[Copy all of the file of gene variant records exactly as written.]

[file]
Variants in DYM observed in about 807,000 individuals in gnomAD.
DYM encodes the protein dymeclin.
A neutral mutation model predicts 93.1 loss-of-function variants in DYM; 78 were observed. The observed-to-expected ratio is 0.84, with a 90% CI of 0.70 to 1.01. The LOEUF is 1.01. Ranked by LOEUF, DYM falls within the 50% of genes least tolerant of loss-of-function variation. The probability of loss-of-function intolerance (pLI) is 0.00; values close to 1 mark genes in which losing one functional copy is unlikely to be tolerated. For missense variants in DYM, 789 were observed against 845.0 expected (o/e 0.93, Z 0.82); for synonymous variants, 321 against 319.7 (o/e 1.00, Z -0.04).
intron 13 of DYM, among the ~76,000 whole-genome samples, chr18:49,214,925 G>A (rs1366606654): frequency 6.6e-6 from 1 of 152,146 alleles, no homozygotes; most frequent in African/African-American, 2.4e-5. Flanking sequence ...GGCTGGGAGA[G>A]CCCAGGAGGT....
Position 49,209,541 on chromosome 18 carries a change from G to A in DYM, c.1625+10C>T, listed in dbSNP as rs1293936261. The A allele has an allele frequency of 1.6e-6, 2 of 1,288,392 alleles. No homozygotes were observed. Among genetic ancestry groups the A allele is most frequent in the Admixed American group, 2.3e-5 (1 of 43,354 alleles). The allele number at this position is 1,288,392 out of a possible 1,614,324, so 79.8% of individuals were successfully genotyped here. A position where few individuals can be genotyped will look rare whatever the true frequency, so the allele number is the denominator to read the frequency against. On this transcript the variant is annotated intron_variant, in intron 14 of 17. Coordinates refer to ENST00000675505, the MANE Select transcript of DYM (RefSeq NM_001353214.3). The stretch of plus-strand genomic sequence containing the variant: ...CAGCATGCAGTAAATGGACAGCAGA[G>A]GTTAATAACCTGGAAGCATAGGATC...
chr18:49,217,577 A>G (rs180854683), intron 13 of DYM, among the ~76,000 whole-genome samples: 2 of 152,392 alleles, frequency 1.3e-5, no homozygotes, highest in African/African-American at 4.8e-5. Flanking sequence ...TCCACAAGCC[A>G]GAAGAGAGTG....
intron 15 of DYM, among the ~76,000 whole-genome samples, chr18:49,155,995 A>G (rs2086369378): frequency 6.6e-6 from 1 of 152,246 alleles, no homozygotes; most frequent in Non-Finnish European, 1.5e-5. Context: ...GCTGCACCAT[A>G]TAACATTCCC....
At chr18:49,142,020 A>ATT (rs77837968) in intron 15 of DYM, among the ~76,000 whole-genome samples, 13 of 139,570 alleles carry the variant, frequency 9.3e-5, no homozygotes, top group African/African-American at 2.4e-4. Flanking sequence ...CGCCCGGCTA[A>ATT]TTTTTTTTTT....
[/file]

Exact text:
Variants in DYM observed in about 807,000 individuals in gnomAD.
DYM encodes the protein dymeclin.
A neutral mutation model predicts 93.1 loss-of-function variants in DYM; 78 were observed. The observed-to-expected ratio is 0.84, with a 90% CI of 0.70 to 1.01. The LOEUF is 1.01. Ranked by LOEUF, DYM falls within the 50% of genes least tolerant of loss-of-function variation. The probability of loss-of-function intolerance (pLI) is 0.00; values close to 1 mark genes in which losing one functional copy is unlikely to be tolerated. For missense variants in DYM, 789 were observed against 845.0 expected (o/e 0.93, Z 0.82); for synonymous variants, 321 against 319.7 (o/e 1.00, Z -0.04).
intron 13 of DYM, among the ~76,000 whole-genome samples, chr18:49,214,925 G>A (rs1366606654): frequency 6.6e-6 from 1 of 152,146 alleles, no homozygotes; most frequent in African/African-American, 2.4e-5. Flanking sequence ...GGCTGGGAGA[G>A]CCCAGGAGGT....
Position 49,209,541 on chromosome 18 carries a change from G to A in DYM, c.1625+10C>T, listed in dbSNP as rs1293936261. The A allele has an allele frequency of 1.6e-6, 2 of 1,288,392 alleles. No homozygotes were observed. Among genetic ancestry groups the A allele is most frequent in the Admixed American group, 2.3e-5 (1 of 43,354 alleles). The allele number at this position is 1,288,392 out of a possible 1,614,324, so 79.8% of individuals were successfully genotyped here. A position where few individuals can be genotyped will look rare whatever the true frequency, so the allele number is the denominator to read the frequency against. On this transcript the variant is annotated intron_variant, in intron 14 of 17. Coordinates refer to ENST00000675505, the MANE Select transcript of DYM (RefSeq NM_001353214.3). The stretch of plus-strand genomic sequence containing the variant: ...CAGCATGCAGTAAATGGACAGCAGA[G>A]GTTAATAACCTGGAAGCATAGGATC...
chr18:49,217,577 A>G (rs180854683), intron 13 of DYM, among the ~76,000 whole-genome samples: 2 of 152,392 alleles, frequency 1.3e-5, no homozygotes, highest in African/African-American at 4.8e-5. Flanking sequence ...TCCACAAGCC[A>G]GAAGAGAGTG....
intron 15 of DYM, among the ~76,000 whole-genome samples, chr18:49,155,995 A>G (rs2086369378): frequency 6.6e-6 from 1 of 152,246 alleles, no homozygotes; most frequent in Non-Finnish European, 1.5e-5. Context: ...GCTGCACCAT[A>G]TAACATTCCC....
At chr18:49,142,020 A>ATT (rs77837968) in intron 15 of DYM, among the ~76,000 whole-genome samples, 13 of 139,570 alleles carry the variant, frequency 9.3e-5, no homozygotes, top group African/African-American at 2.4e-4. Flanking sequence ...CGCCCGGCTA[A>ATT]TTTTTTTTTT....